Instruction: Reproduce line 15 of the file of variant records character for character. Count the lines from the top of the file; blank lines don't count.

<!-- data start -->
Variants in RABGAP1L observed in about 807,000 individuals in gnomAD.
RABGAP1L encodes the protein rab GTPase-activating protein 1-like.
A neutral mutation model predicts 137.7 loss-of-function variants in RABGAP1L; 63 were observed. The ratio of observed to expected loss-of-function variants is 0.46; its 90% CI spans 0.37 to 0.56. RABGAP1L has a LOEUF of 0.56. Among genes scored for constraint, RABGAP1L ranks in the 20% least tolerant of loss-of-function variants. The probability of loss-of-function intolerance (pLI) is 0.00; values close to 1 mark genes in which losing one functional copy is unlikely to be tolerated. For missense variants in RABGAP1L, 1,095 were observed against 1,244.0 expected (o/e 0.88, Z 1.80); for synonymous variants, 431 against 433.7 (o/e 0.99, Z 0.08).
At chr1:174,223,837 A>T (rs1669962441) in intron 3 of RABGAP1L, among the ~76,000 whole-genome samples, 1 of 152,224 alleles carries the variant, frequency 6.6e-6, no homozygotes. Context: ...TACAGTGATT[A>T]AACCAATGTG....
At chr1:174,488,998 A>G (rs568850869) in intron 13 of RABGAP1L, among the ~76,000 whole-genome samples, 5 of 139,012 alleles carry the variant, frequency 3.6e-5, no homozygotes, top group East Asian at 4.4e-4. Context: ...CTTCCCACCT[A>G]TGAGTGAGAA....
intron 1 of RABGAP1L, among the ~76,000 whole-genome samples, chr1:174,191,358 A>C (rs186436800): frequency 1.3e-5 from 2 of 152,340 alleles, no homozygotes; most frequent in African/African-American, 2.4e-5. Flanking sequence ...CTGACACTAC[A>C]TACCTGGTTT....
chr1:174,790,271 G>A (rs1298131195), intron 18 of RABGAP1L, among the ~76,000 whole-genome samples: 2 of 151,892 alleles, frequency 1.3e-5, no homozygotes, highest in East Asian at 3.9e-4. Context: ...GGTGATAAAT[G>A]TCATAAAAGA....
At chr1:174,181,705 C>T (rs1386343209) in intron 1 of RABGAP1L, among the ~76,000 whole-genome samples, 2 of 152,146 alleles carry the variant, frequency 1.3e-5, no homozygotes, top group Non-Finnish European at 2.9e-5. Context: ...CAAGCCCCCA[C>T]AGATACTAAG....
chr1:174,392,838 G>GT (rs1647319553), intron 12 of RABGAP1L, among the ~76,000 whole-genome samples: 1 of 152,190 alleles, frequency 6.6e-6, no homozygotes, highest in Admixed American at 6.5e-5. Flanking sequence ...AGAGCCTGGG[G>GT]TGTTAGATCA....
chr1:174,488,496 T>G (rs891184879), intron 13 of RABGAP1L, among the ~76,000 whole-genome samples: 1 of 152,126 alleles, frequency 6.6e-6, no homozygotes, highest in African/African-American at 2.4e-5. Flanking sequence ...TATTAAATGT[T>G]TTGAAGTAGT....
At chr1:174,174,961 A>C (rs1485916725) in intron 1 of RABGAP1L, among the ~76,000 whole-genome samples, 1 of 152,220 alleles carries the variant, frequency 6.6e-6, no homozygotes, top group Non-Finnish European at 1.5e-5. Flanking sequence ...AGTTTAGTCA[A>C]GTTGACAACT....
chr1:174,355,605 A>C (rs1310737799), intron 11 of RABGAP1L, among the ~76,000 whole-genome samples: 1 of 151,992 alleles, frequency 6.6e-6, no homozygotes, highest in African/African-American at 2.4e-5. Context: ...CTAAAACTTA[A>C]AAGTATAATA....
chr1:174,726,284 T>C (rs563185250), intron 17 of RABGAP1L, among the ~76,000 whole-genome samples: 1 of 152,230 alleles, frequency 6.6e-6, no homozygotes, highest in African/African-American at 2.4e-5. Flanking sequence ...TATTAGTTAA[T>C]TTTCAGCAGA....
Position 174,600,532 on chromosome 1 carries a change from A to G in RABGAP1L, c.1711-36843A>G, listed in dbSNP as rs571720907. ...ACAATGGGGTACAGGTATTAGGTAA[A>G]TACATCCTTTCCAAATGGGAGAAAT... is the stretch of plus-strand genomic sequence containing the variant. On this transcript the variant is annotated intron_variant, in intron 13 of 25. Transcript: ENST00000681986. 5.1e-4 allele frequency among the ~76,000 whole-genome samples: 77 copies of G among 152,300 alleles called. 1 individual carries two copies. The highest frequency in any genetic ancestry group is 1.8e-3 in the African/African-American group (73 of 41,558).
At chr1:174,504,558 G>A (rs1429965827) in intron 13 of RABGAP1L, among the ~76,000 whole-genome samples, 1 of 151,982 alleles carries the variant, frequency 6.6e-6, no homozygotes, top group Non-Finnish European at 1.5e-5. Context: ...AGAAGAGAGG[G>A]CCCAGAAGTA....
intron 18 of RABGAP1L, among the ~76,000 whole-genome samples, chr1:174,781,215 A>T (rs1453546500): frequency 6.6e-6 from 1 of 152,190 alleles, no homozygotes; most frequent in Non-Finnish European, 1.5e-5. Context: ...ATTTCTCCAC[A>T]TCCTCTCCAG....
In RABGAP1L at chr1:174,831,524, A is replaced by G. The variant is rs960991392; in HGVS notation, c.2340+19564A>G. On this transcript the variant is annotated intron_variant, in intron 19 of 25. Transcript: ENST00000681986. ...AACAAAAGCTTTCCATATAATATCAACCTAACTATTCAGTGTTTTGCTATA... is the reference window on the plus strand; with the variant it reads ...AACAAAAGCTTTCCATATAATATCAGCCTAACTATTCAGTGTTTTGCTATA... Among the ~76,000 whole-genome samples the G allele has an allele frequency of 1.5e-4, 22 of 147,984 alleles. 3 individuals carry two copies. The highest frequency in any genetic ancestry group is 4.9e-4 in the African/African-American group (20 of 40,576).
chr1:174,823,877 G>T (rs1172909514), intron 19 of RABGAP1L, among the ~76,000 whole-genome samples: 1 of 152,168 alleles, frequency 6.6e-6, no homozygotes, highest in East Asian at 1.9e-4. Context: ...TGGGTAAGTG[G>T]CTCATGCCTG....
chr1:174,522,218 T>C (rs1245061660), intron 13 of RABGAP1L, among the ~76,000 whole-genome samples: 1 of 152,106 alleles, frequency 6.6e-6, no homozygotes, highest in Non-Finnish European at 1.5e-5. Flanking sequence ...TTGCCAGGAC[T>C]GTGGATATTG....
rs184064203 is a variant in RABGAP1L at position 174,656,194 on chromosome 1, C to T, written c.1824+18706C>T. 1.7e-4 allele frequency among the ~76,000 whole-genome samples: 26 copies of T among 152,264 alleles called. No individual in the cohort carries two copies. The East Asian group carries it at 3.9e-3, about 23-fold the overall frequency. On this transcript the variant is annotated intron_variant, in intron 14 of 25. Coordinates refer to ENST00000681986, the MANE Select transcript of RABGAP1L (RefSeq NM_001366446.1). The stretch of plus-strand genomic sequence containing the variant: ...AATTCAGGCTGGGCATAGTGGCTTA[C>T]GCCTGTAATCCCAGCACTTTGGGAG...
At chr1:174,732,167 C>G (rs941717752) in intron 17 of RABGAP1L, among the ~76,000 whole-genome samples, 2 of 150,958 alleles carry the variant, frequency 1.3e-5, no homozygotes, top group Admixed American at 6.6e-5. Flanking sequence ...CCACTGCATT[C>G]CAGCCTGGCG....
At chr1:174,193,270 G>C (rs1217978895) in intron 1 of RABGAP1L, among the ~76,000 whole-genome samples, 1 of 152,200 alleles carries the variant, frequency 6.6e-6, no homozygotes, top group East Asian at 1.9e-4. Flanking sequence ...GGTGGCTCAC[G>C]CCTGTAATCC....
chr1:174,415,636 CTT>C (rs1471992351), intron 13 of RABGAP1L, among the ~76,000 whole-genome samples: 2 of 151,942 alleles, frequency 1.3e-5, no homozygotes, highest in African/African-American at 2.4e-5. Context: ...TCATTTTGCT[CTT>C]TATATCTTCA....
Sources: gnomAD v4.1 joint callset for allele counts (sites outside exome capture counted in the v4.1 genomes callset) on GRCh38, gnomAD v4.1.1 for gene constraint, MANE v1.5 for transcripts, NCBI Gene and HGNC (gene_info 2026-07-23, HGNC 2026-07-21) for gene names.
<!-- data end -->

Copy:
At chr1:174,504,558 G>A (rs1429965827) in intron 13 of RABGAP1L, among the ~76,000 whole-genome samples, 1 of 151,982 alleles carries the variant, frequency 6.6e-6, no homozygotes, top group Non-Finnish European at 1.5e-5. Context: ...AGAAGAGAGG[G>A]CCCAGAAGTA....